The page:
In this deeply etched and haunting memoir, Vivian Gornick tells the story of her lifelong battle with her mother for independence. There have been numerous books about mother and daughter, but none has dealt with this closest of filial relations as directly or as ruthlessly. Gornick's groundbreaking book confronts what Edna O'Brien has called "the prinicpal crux of female despair": the unacknowledged Oedipal nature of the mother-daughter bond.
Born and raised in the Bronx, the daughter of "urban peasants," Gornick grows up in a household dominated by her intelligent but uneducated mother's romantic depression over the early death of her husband. Next door lives Nettie, an attractive widow whose calculating sensuality appeals greatly to Vivian. These women with their opposing models of femininity continue, well into adulthood, to affect Gornick's struggle to find herself in love and in work.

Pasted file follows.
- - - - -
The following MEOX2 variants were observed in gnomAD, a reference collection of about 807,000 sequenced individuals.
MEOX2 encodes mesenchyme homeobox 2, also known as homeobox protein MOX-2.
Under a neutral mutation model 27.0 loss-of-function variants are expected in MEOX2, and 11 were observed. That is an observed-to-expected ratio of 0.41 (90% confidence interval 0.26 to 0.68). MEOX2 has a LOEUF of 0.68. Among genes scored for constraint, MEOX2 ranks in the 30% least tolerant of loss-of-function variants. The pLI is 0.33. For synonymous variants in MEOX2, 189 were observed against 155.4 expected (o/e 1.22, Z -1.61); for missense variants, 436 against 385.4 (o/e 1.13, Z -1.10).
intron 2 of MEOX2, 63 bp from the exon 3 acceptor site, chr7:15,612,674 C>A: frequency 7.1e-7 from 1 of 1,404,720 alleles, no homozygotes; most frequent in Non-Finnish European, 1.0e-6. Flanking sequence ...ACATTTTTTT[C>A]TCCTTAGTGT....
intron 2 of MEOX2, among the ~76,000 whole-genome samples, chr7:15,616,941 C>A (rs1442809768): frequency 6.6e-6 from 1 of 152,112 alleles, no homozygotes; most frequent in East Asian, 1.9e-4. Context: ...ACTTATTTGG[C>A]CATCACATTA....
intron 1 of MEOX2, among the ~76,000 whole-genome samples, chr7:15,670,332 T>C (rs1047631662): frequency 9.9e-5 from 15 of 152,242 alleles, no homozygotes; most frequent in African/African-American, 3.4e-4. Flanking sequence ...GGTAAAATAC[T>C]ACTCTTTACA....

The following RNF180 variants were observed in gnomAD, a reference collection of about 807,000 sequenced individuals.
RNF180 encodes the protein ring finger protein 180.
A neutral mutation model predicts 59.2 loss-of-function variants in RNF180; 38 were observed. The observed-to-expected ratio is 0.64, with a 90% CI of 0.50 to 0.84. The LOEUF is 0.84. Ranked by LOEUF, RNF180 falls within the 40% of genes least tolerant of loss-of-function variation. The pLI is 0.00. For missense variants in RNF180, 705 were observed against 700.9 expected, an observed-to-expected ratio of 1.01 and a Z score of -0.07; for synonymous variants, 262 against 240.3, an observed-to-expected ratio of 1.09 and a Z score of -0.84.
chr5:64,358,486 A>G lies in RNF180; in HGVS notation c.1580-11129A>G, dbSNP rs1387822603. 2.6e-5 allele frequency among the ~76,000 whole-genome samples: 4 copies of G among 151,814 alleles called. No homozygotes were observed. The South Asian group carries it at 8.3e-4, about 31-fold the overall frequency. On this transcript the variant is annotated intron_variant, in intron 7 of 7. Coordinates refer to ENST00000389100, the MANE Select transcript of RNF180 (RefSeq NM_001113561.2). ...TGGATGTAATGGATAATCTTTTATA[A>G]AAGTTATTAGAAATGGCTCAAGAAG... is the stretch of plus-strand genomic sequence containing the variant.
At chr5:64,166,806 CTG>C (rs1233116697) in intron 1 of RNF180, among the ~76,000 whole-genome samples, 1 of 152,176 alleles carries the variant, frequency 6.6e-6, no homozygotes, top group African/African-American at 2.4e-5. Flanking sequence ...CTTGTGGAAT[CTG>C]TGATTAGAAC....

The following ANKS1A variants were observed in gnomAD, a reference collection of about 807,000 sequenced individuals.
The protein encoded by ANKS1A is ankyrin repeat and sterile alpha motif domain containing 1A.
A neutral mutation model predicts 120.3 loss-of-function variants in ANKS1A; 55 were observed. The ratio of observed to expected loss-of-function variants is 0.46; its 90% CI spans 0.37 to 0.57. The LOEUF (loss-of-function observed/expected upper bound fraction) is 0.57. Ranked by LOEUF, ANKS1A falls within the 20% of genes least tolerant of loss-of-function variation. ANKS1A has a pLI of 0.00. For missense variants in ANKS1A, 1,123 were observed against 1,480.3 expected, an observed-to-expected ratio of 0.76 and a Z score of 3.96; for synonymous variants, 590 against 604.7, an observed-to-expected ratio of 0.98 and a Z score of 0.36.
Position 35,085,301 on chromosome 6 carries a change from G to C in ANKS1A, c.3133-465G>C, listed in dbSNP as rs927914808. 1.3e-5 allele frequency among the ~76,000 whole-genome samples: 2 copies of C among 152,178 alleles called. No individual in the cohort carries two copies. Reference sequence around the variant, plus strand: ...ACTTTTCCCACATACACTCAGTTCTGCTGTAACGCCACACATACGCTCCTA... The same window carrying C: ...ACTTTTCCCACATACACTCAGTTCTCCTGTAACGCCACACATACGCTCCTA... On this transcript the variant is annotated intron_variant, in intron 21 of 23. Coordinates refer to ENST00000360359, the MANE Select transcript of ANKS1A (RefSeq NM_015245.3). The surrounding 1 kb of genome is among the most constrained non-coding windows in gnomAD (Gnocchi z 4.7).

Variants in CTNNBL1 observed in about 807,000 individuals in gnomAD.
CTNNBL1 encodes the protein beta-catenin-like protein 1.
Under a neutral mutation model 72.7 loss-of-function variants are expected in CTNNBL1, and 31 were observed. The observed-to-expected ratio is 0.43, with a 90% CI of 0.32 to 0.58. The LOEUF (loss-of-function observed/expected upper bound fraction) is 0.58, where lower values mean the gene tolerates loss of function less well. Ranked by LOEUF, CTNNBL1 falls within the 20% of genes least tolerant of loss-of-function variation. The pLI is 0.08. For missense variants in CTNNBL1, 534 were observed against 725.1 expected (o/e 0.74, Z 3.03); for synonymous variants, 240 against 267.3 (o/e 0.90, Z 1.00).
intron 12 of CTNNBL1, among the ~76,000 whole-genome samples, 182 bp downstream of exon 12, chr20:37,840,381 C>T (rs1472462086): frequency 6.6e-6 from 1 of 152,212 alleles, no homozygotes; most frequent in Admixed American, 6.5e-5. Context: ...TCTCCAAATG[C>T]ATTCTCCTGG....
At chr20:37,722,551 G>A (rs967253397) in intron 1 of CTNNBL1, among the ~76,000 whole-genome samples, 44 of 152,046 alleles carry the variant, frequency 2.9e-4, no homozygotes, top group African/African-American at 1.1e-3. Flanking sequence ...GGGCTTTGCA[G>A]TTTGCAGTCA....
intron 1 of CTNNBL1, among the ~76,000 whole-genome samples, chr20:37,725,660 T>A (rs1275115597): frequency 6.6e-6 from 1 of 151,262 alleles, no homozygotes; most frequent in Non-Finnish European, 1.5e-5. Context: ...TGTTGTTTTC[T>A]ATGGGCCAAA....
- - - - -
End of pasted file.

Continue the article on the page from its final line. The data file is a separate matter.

As Gornick walks with her aged mother through the streets of New York, arguing and remembering the past, each wins the reader's admiration: the caustic and clear-thinking daughter, for her courage and tenacity in really talking to her mother about the most basic issues of their lives, and the still powerful and intuitively-wise old woman, who again and again proves herself her daughter's mother.
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